I bet whoever wrote that article is either making 5% in his CD at the bank or praying ever morning that the stock market doesn’t drop another 100 points today. Oh well.

Re: Debunking the Tax Lien Certificate Myth - Posted by Ben

Posted by Ben on December 22, 1998 at 12:13:06:

I am a large investor of tax lien certificates in NJ and a tax foreclosure attorney. Tax liens in and of themselves are not a rip-off. They have the potential to be a safe, high yielding instrument, if pursued
correctly. What is a rip-off are late-night seminars giving misleading information about (lack of) competition, “government guaranteed” rates of return, etc. If you do your due diligence and invest conservatively, you will do fine. Naturally, if you throw darts at a dartboard of liens you will get killed. Check out the tax lien exhange at,
it is chock full of information and has thousands of
secondary market liens for sale. Tell them Ben Caiola
referred you.

Re: The myth about your myth - Posted by BankRobber

Posted by BankRobber on December 21, 1998 at 22:08:12:

As far as Florida (and every other State) goes tax liens were an excellent investment. Large institutional investors such as Transamerica now bid the first year yields down to about 6% in most counties. Since in FL tax foreclosed properties must be submitted for a public auction which gives no advantage to the former tax lien cert holder I don’t understand why the desirability of the property would affect your decision to foreclose.

Am I missing something here? - Posted by Soapymac

Posted by Soapymac on December 21, 1998 at 20:40:21:


Help me to understand your post.

  1. In 1994, you bought $10,000 in tax lein certs.

  2. You have two certs as yet uncollected on.

  3. Simple math means you have received $9,600 of your investment PRINCIPAL.

  4. You have made $1,000 interest from those that WERE redeemed.

  5. Your total receipts, therefore, are $10,600

  6. Subtracting your investment leaves you $600 “profit.”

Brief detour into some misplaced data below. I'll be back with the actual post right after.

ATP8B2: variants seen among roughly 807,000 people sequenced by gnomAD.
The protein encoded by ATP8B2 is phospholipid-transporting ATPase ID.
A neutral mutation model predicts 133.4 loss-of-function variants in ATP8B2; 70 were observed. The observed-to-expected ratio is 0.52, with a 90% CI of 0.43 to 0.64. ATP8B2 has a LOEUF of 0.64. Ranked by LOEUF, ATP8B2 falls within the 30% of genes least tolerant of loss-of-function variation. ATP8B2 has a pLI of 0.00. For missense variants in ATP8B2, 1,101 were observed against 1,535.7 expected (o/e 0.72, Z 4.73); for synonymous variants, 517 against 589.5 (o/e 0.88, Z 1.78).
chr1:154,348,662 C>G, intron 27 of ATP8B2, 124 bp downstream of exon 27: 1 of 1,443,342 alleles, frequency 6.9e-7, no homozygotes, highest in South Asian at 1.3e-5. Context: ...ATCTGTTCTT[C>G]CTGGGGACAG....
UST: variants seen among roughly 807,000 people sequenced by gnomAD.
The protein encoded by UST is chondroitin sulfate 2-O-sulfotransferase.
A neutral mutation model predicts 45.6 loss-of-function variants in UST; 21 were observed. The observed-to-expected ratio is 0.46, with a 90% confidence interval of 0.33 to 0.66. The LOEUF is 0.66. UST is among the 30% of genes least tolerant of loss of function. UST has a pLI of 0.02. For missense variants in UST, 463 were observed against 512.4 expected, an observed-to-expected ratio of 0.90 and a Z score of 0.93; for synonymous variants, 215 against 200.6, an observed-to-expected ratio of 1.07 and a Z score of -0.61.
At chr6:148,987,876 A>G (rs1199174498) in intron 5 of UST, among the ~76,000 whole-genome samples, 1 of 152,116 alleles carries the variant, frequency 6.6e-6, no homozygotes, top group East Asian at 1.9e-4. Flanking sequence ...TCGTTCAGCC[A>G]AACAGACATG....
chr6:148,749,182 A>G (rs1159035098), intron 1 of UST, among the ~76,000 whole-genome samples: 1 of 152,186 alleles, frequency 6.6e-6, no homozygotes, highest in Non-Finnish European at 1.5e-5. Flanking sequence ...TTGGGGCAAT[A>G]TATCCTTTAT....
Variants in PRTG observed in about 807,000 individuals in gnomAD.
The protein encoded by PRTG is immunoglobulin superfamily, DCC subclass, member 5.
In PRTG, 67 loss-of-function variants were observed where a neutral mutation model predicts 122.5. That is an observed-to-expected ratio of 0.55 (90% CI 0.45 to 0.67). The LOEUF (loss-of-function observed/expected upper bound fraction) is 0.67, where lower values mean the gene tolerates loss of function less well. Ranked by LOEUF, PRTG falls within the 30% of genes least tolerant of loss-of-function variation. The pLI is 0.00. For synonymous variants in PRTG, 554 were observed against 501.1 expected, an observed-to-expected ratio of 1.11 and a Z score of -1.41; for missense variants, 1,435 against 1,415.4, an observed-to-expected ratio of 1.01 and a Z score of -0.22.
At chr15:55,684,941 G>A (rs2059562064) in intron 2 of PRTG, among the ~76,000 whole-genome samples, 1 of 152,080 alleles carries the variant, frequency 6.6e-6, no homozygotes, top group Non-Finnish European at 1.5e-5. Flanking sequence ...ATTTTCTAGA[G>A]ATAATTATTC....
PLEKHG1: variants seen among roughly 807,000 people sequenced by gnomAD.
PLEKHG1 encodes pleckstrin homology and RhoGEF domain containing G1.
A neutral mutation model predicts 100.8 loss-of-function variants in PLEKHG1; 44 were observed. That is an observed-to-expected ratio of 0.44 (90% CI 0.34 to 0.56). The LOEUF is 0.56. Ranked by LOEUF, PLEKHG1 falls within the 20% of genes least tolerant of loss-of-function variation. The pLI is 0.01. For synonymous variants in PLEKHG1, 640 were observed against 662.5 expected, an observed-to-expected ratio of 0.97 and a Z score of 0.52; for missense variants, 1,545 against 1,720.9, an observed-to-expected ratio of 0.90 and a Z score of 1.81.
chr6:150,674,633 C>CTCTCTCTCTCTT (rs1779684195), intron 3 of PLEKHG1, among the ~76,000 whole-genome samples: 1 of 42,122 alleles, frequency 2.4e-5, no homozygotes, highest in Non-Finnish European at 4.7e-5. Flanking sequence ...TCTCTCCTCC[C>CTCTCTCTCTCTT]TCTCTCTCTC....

7. $600 divided by four years = $150 per year profit

  8. $150 annual profit on a $10,000 investment = 1.5% at simple interest.

  9. If I am correct, a CD over that same time frame, would have made more net after tax income than this.

What am I missing?



Re: The myth about your myth - Posted by Rob FL

Posted by Rob FL on December 22, 1998 at 11:29:27:

Both of the ones I have left are 2 acre or so vacant parcels in the middle of the woods about 3 miles from the nearest road or building. Want to buy them? That is why I haven’t foreclosed yet.

Re: Am I missing something here? - Posted by Rob FL

Posted by Rob FL on December 21, 1998 at 21:24:53:

What you are missing is that most of the ctfs were redeemed years ago.

I bought the tax ctfs at auctions in May 1993 and May 1994. They are at 18% annual interest. However many of them get redeemed within a year or two like I said.
I had a big one come in back in 1996. It was on 2 duplexes. I bought the tax ctf for about $1000 and 3 years later it gets repaid to me for around $1600. (Remember the rule of 72. Divide the interest rate by 72 and that is how many years it takes to double your money. 72/18= 4 years)

In FL if the taxes are delinquent after 2 years they can be foreclosed, so about roughly 70% or so of the time you get paid off within the 2 year period with all your interest.

The 2 ctfs I still have left are the only ones I have owned since 1996.

Hope that clarifies things.

Re: The myth about your myth - Posted by Kenny (FL)

Posted by Kenny (FL) on December 22, 1998 at 16:19:19:

Just curious about what section of “woods” in Orange county? Seminole? or Oseola? and how much you wanted.
I have some relatives in Longwood that might be interested.